(Community Matters) I asked one of our best friends (probably the most well read – certainly the most accomplished editor) what he thought of Brandon Ambrosino and his appointment to a fellowship for Ezra Klein’s Vox.com. Kip Keller’s response here and in the immediately below blog post.
My follow up response:
We read “I Wasn’t Born This Way,” differently. I read his point as being we shouldn’t rest our calls for equality on whether or not being gay is a choice, that we have the right to choose to be gay.
I agree he’s sloppy in his argument about the conflating of civil rights for sexuality and race. I like his statement, “Maybe I wasn’t born this way. Now tell me why you think that matters.” I’ve long felt uncomfortable relying on an innateness to justify my right for constitutional equality. If I just want to be queer, even if I could be straight, I expect equality from my governments.
Of Brandon’s other writings, I’m most disappointed in the sloppiness of his writing on transgender activism.
As to Ezra Klein, I admit I don’t read him every day, but I have spoken directly with him and have listened to him enough to be impressed and to like him. In a Facebook posting yesterday, he notes, “Contrary to some garbled reports, before hiring Brandon I read a lot of his previous work. Brandon’s past writing was often quite pointed and personal, and not a fit for Vox — and I told him so. The writing fellowship requires a very different approach.”
I think Brandon shows promise. I remember conversations nearly 25 years ago when I was Austin’s only HRC board member (after Bettie Naylor) and while chairing the Austin-Travis County HIV Commission. A professor from (then) SW Texas State University sought me out to air his concerns about when we did achieve equality – how we’d become a less cohesive community, how we’d have less identifiable enemies. I’ve always looked forward to this time, knowing it’d be a nice problem to have. We’re not there yet but closer than any of us imagined those 25 years ago.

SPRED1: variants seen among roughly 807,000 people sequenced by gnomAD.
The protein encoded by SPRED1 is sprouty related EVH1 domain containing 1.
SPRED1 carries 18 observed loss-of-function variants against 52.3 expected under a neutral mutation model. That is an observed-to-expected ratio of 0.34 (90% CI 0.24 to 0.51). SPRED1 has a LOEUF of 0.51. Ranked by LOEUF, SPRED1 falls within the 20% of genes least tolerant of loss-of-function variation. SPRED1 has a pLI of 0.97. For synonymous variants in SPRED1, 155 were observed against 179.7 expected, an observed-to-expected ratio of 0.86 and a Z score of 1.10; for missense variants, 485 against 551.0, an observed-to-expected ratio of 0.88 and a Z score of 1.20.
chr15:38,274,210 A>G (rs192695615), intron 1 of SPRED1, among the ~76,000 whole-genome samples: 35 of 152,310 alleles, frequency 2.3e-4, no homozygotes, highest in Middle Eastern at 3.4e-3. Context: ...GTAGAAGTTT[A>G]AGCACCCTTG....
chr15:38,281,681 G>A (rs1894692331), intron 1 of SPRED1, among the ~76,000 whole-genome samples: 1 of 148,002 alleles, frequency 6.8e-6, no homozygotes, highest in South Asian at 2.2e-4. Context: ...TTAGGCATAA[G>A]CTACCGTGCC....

Many thanks for the thoughtful response.
I think we’re not that far apart in our views, but I do disagree fundamentally with the idea that sexuality is a choice, at least for most people. And that’s the crux of my disagreement with Ambrosino. If a man could will himself not be gay, I’d have long since been married to a woman and raising a passel of kids. I did just about everything but that in an effort to convince myself that I could prevent myself from being gay if I just tried hard enough.
But I couldn’t, and I don’t think anyone can.
So the idea that there is such a thing as a right to choose to be gay doesn’t make sense to me. I think that bisexuality is a real thing, and that people can be more or less equally attracted to persons of either sex. But that’s not being gay. A bisexual guy who has sex with a man is expressing one facet of his sexuality, but that doesn’t make him gay. (Maybe Ambrosino is bi?–though I hasten to say that I have no idea and I’m not making that claim.)
And I think that the idea of homosexuality being a choice fails on its face. The gay men and lesbians imprisoned in Uganda, flogged in Nigeria, and hanged in Saudi Arabia–really, they were willing to risk such horrific punishment just to exercise a choice? How many gay men our age or older do we know who got married, raised families, and once the lying and cheating and self-loathing finally became too much, finally accepted who they really were and came out? Something stronger than “choice” drove those actions.
So I don’t have any problem with resting calls for our civil rights on the idea of gayness being innate, because I’m convinced it is. But I agree with you that that rationale shouldn’t be determinative. Religious affiliation, which is in no way innate and is always a choice (at least for adults), has the highest level of constitutional protection–there’s no reason that marriage equality and other gay rights shouldn’t be dealt with the same way.
I wonder if young people today don’t have to wish they weren’t gay.
Sure, still, like us, some who have no choice. But, I wonder if even they don’t have to think about it because not the same incentive to fight it and if even more could go either way but say hey, I want that life.
Unfortunate for those with no choice in places like Uganda, Russia and other countries where still could cost their lives – heck, I’m sure plenty of counties still in America.
Very interesting notation about religious affiliation and equality.
Always enlightening to exchange with you.